- Published on 26 January 2017
The US Occupational Safety and Health Administration (OSHA) recently proposed an amendment to the rule concerning the recognition of job-related hearing loss, reports Bloomberg.
Industry representatives are, however, expressing their concerns regarding OSHA’s proposal. According to the administration, the possible change is aimed at clarifying existing requirements. “The proposed change will clarify that hearing loss must be recorded if work has contributed to it in any way, even if work is not the predominant or substantial contributor,” explains the Laborers’ Health and Safety Fund of North America.
Currently, if a healthcare professional determines that the loss of hearing is not work-related or has not been significantly aggravated by occupational noise exposure, then the employer is not required to record the case. However, another section of the US Code of Federal Regulations (CFR) says that employers must consider an injury or illness to be work-related if an on-the-job event or exposure either contributed to the condition or significantly aggravated a pre-existing injury or illness.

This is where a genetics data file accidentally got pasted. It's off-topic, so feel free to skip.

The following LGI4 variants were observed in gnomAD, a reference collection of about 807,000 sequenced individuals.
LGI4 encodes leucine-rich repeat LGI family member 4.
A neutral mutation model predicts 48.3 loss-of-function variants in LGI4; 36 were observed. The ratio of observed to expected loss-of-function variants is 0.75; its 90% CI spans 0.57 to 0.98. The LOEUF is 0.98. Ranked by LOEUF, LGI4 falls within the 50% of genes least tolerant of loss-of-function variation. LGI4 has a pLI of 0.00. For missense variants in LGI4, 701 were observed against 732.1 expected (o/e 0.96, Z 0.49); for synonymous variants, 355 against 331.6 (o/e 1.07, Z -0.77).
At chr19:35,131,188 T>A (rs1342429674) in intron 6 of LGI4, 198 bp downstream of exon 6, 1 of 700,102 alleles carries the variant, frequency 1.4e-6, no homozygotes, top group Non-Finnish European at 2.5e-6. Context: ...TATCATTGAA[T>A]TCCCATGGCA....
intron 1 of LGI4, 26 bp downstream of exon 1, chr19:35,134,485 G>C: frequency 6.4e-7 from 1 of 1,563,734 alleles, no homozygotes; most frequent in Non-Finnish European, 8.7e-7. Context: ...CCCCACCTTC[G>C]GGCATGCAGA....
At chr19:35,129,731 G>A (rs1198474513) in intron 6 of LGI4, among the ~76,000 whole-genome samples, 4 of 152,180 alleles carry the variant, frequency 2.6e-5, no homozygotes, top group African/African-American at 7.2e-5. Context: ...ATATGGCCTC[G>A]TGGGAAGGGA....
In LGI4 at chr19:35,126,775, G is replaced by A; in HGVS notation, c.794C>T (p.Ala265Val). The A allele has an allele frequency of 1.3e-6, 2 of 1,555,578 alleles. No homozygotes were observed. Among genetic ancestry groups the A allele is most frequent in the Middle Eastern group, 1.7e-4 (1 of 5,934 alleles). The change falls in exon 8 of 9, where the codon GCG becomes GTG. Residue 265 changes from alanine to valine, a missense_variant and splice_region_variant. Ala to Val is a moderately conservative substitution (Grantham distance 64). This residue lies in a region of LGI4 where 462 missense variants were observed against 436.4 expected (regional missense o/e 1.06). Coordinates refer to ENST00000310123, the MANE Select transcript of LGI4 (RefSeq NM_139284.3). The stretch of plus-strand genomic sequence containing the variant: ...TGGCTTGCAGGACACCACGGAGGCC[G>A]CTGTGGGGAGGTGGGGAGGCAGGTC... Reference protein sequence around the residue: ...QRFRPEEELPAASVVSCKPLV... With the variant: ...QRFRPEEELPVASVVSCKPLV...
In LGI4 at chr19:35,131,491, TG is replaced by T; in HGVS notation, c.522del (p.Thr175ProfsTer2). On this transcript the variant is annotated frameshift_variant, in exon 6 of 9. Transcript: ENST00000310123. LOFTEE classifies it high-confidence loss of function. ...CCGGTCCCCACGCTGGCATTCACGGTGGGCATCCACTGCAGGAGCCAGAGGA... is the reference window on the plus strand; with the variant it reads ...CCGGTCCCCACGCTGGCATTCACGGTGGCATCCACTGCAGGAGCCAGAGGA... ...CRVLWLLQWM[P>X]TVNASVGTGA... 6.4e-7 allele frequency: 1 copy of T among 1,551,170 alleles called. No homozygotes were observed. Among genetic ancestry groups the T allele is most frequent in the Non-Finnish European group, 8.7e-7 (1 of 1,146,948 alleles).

The main concern from the employer perspective is that companies would need to record cases of hearing loss in their injury and illness logs that were not job-related. Employer organizations believe that the proposed change would not be a simple clarification, but rather a complete revision of the way occupational hearing loss is recorded.Source: Bloomberg - Legal